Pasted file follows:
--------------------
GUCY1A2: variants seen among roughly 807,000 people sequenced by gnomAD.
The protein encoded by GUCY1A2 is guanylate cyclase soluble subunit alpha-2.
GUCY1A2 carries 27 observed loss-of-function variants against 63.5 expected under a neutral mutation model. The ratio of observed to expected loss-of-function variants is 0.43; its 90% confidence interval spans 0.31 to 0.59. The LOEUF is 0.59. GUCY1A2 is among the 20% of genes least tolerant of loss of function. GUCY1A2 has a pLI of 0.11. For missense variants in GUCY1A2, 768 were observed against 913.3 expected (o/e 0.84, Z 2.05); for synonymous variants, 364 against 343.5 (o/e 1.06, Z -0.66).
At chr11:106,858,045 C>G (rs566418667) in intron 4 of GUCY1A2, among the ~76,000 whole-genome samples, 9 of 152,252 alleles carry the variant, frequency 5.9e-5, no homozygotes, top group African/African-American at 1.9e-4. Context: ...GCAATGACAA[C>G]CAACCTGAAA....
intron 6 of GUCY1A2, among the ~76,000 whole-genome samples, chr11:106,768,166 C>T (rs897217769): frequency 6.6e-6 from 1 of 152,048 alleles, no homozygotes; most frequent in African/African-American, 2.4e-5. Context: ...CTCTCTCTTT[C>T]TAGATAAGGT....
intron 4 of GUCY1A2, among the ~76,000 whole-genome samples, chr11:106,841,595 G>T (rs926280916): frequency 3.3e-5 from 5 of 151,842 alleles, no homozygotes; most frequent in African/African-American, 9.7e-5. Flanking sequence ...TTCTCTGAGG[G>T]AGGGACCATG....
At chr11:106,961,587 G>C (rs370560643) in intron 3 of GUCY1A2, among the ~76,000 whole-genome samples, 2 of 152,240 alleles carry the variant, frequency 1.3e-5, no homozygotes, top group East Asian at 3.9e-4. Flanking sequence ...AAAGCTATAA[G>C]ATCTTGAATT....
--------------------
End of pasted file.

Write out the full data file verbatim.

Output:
GUCY1A2: variants seen among roughly 807,000 people sequenced by gnomAD.
The protein encoded by GUCY1A2 is guanylate cyclase soluble subunit alpha-2.
GUCY1A2 carries 27 observed loss-of-function variants against 63.5 expected under a neutral mutation model. The ratio of observed to expected loss-of-function variants is 0.43; its 90% confidence interval spans 0.31 to 0.59. The LOEUF is 0.59. GUCY1A2 is among the 20% of genes least tolerant of loss of function. GUCY1A2 has a pLI of 0.11. For missense variants in GUCY1A2, 768 were observed against 913.3 expected (o/e 0.84, Z 2.05); for synonymous variants, 364 against 343.5 (o/e 1.06, Z -0.66).
At chr11:106,858,045 C>G (rs566418667) in intron 4 of GUCY1A2, among the ~76,000 whole-genome samples, 9 of 152,252 alleles carry the variant, frequency 5.9e-5, no homozygotes, top group African/African-American at 1.9e-4. Context: ...GCAATGACAA[C>G]CAACCTGAAA....
intron 6 of GUCY1A2, among the ~76,000 whole-genome samples, chr11:106,768,166 C>T (rs897217769): frequency 6.6e-6 from 1 of 152,048 alleles, no homozygotes; most frequent in African/African-American, 2.4e-5. Context: ...CTCTCTCTTT[C>T]TAGATAAGGT....
intron 4 of GUCY1A2, among the ~76,000 whole-genome samples, chr11:106,841,595 G>T (rs926280916): frequency 3.3e-5 from 5 of 151,842 alleles, no homozygotes; most frequent in African/African-American, 9.7e-5. Flanking sequence ...TTCTCTGAGG[G>T]AGGGACCATG....
At chr11:106,961,587 G>C (rs370560643) in intron 3 of GUCY1A2, among the ~76,000 whole-genome samples, 2 of 152,240 alleles carry the variant, frequency 1.3e-5, no homozygotes, top group East Asian at 3.9e-4. Flanking sequence ...AAAGCTATAA[G>C]ATCTTGAATT....